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Archived: Ayrshire House Good

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Inspection report

Date of Inspection: 22 May 2013
Date of Publication: 21 June 2013
Inspection Report published 21 June 2013 PDF

The service should have quality checking systems to manage risks and assure the health, welfare and safety of people who receive care (outcome 16)

Not met this standard

We checked that people who use this service

  • Benefit from safe quality care, treatment and support, due to effective decision making and the management of risks to their health, welfare and safety.

How this check was done

We looked at the personal care or treatment records of people who use the service, carried out a visit on 22 May 2013, observed how people were being cared for and checked how people were cared for at each stage of their treatment and care. We talked with people who use the service, talked with staff, reviewed information given to us by the provider and talked with commissioners of services.

Our judgement

The provider had not got an effective system to regularly assess and monitor the quality of service that people received. The provider had not got an effective system in place to identify, assess and manage risks to the health, safety and welfare of people who use the service and others.

Reasons for our judgement

People who used the service had not been asked for their views about their care they received. Whilst we saw people who used the service had monthly meetings with staff, this was generally an opportunity to discuss and agree what social activities people wanted to do. We saw in the care files we looked at a copy of a service user questionnaire, this was part of the services internal quality and monitoring system. However, the questionnaires viewed were dated 2011. The registered manager told us they had not sent a further questionnaire since this time. This means that the provider cannot be assured that people are happy with the service they are receiving.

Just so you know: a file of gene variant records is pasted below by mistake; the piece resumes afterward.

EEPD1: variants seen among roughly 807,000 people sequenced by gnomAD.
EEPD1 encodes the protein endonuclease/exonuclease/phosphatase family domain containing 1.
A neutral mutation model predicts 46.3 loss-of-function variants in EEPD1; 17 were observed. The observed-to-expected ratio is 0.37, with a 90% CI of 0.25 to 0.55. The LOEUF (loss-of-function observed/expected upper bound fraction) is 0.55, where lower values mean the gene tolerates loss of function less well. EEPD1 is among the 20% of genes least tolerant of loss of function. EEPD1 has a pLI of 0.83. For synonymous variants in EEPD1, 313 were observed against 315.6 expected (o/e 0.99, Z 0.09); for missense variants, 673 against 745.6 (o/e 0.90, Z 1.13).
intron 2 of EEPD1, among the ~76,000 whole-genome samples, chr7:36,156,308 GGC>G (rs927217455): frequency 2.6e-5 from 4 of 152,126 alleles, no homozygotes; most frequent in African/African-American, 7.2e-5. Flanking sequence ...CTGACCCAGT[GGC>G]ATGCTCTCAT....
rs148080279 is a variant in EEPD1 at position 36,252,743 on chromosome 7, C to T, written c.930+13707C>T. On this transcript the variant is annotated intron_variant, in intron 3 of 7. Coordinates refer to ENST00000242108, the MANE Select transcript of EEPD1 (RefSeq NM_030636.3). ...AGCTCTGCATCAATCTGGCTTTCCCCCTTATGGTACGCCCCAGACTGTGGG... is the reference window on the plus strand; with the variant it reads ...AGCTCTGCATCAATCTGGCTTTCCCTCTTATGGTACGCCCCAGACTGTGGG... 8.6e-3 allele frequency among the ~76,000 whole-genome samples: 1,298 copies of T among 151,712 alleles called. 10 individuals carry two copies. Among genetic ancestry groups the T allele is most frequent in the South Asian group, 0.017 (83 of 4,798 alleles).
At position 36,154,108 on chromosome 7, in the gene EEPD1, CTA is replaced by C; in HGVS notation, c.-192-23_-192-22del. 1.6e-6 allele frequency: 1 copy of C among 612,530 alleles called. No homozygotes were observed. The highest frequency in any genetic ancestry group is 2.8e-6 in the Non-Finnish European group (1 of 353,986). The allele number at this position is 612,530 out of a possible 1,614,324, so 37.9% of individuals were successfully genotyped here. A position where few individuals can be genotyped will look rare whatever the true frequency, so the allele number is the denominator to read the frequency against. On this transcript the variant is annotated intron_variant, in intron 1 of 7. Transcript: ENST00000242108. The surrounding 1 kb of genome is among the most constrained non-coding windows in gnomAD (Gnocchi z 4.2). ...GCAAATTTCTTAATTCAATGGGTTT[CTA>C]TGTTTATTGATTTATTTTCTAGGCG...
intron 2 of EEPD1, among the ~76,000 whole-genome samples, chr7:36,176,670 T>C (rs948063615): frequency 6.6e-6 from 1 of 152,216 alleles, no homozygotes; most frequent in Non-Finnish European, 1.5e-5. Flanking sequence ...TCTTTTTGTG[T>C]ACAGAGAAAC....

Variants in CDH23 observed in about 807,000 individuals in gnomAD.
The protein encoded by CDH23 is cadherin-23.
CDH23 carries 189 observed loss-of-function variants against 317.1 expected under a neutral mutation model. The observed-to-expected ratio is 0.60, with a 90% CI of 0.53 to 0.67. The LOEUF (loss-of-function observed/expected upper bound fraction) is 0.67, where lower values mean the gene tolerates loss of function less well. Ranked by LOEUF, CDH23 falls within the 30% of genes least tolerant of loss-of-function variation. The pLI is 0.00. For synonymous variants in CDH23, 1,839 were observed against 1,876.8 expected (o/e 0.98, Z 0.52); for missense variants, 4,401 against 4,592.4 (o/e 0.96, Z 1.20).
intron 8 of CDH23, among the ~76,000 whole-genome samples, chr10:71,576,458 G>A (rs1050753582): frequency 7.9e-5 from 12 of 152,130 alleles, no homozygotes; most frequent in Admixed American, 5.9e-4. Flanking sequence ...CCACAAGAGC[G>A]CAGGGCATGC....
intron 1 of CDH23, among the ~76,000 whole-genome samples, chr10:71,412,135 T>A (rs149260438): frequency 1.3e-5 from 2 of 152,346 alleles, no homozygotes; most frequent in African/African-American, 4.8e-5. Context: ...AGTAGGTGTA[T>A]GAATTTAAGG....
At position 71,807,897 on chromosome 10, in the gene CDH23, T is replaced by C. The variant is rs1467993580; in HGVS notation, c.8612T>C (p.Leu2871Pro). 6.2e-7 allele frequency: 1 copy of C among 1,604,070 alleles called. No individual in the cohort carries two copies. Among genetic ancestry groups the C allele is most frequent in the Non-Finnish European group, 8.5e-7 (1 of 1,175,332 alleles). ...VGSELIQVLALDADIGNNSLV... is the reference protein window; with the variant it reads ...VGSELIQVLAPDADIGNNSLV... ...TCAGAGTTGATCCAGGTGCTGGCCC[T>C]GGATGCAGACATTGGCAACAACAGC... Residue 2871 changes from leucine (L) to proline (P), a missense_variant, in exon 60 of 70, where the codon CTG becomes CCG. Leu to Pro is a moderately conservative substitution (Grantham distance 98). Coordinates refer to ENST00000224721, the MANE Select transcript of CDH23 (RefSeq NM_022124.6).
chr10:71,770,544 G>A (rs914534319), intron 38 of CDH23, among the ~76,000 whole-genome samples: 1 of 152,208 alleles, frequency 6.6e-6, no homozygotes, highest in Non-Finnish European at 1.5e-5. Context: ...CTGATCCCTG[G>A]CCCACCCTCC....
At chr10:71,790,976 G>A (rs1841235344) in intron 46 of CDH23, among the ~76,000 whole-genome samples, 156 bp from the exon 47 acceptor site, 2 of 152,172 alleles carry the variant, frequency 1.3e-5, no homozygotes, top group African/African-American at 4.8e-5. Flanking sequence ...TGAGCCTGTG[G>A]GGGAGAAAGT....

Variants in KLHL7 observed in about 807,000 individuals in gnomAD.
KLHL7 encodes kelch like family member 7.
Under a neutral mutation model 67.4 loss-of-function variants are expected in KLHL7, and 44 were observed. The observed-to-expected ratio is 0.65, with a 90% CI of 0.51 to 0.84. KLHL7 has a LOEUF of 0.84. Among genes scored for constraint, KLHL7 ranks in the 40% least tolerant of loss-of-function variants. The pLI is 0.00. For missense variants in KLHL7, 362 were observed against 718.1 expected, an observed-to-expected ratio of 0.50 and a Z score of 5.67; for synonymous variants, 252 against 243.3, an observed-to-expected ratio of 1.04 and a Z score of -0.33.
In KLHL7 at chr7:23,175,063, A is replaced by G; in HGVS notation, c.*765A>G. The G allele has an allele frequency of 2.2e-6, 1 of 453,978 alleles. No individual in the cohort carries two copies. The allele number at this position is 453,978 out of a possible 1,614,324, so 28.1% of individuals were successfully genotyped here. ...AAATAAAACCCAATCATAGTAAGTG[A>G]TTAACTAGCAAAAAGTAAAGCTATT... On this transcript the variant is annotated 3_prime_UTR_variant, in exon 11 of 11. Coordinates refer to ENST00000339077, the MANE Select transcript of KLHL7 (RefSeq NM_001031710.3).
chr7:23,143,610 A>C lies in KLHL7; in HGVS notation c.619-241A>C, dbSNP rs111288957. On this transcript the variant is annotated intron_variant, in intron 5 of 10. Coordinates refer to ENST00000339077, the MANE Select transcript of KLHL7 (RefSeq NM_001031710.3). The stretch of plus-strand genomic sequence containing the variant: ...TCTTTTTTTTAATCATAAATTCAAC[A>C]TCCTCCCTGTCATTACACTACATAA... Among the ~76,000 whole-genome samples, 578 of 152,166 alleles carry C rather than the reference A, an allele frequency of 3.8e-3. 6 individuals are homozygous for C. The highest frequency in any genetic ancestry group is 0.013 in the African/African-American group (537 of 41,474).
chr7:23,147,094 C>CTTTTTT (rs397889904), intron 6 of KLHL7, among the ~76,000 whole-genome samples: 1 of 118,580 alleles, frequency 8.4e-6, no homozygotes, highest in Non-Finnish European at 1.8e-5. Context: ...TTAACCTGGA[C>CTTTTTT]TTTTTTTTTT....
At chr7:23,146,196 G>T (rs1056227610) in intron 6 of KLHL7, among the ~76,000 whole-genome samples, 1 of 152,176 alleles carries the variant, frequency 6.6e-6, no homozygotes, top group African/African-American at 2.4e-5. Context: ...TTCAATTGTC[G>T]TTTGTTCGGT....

There was limited evidence that learning from incidents / investigations took place and appropriate changes were implemented. We looked at the accident book and whilst accidents and incidents were recorded, there was nothing to show if or what action had been taken to reduce further accidents reoccurring. Another example of this was we saw the registered manager had done regular medication audits. We saw they had identified missing care workers signatures on medication records. We asked the registered manager what action they had taken in response to what they found. They were able to tell us what they had done and would do if this became a reoccurring theme, however, we did not see that this had been recorded anywhere.

We saw the services complaints procedure. We saw there had not been any recorded complaints in the last year. The complaints procedure was not written in easy read language. This meant people with communication needs may not have fully understood what the complaints procedure was or how to make a complaint.

We looked at various health and safety documents, we found policies and procedures in relation to health and safety were missing. We discussed this with the owner and registered manager who agreed further work was required to develop and implement these.

We saw there was a business contingency plan that stated it had been revised in 2012, we saw it had not been dated or signed by either the owner or the registered manager. However, the owner signed it before we left.